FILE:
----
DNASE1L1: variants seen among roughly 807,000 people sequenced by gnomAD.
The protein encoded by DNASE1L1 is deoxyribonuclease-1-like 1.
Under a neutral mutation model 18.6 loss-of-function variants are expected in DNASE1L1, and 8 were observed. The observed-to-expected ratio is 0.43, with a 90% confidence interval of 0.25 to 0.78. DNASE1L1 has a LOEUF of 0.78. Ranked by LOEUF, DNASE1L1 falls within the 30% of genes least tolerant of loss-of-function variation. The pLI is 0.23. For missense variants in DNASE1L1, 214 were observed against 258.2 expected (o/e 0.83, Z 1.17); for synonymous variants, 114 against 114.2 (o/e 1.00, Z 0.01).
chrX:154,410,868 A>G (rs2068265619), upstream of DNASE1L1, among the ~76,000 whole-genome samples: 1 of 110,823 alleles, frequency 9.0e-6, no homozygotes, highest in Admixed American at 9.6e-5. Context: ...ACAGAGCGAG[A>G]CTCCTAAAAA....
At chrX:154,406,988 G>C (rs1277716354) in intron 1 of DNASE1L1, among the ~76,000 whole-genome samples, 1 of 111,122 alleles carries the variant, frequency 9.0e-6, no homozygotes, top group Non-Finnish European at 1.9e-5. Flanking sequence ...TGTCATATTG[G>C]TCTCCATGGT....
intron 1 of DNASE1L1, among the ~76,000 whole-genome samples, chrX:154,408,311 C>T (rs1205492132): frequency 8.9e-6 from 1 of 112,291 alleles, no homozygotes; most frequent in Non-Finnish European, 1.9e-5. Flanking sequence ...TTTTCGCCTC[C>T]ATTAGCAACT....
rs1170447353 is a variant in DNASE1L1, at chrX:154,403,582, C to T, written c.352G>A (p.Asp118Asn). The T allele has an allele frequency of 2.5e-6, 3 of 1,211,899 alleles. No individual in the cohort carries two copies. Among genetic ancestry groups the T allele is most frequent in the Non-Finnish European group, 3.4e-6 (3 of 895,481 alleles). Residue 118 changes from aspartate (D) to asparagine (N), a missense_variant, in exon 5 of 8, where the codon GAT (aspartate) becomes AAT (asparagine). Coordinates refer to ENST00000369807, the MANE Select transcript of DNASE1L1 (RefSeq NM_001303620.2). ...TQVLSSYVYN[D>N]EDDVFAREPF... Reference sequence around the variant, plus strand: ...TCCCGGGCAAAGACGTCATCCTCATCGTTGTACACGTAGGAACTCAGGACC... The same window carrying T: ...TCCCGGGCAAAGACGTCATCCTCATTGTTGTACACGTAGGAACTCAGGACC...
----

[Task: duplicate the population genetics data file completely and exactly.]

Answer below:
DNASE1L1: variants seen among roughly 807,000 people sequenced by gnomAD.
The protein encoded by DNASE1L1 is deoxyribonuclease-1-like 1.
Under a neutral mutation model 18.6 loss-of-function variants are expected in DNASE1L1, and 8 were observed. The observed-to-expected ratio is 0.43, with a 90% confidence interval of 0.25 to 0.78. DNASE1L1 has a LOEUF of 0.78. Ranked by LOEUF, DNASE1L1 falls within the 30% of genes least tolerant of loss-of-function variation. The pLI is 0.23. For missense variants in DNASE1L1, 214 were observed against 258.2 expected (o/e 0.83, Z 1.17); for synonymous variants, 114 against 114.2 (o/e 1.00, Z 0.01).
chrX:154,410,868 A>G (rs2068265619), upstream of DNASE1L1, among the ~76,000 whole-genome samples: 1 of 110,823 alleles, frequency 9.0e-6, no homozygotes, highest in Admixed American at 9.6e-5. Context: ...ACAGAGCGAG[A>G]CTCCTAAAAA....
At chrX:154,406,988 G>C (rs1277716354) in intron 1 of DNASE1L1, among the ~76,000 whole-genome samples, 1 of 111,122 alleles carries the variant, frequency 9.0e-6, no homozygotes, top group Non-Finnish European at 1.9e-5. Flanking sequence ...TGTCATATTG[G>C]TCTCCATGGT....
intron 1 of DNASE1L1, among the ~76,000 whole-genome samples, chrX:154,408,311 C>T (rs1205492132): frequency 8.9e-6 from 1 of 112,291 alleles, no homozygotes; most frequent in Non-Finnish European, 1.9e-5. Flanking sequence ...TTTTCGCCTC[C>T]ATTAGCAACT....
rs1170447353 is a variant in DNASE1L1, at chrX:154,403,582, C to T, written c.352G>A (p.Asp118Asn). The T allele has an allele frequency of 2.5e-6, 3 of 1,211,899 alleles. No individual in the cohort carries two copies. Among genetic ancestry groups the T allele is most frequent in the Non-Finnish European group, 3.4e-6 (3 of 895,481 alleles). Residue 118 changes from aspartate (D) to asparagine (N), a missense_variant, in exon 5 of 8, where the codon GAT (aspartate) becomes AAT (asparagine). Coordinates refer to ENST00000369807, the MANE Select transcript of DNASE1L1 (RefSeq NM_001303620.2). ...TQVLSSYVYN[D>N]EDDVFAREPF... Reference sequence around the variant, plus strand: ...TCCCGGGCAAAGACGTCATCCTCATCGTTGTACACGTAGGAACTCAGGACC... The same window carrying T: ...TCCCGGGCAAAGACGTCATCCTCATTGTTGTACACGTAGGAACTCAGGACC...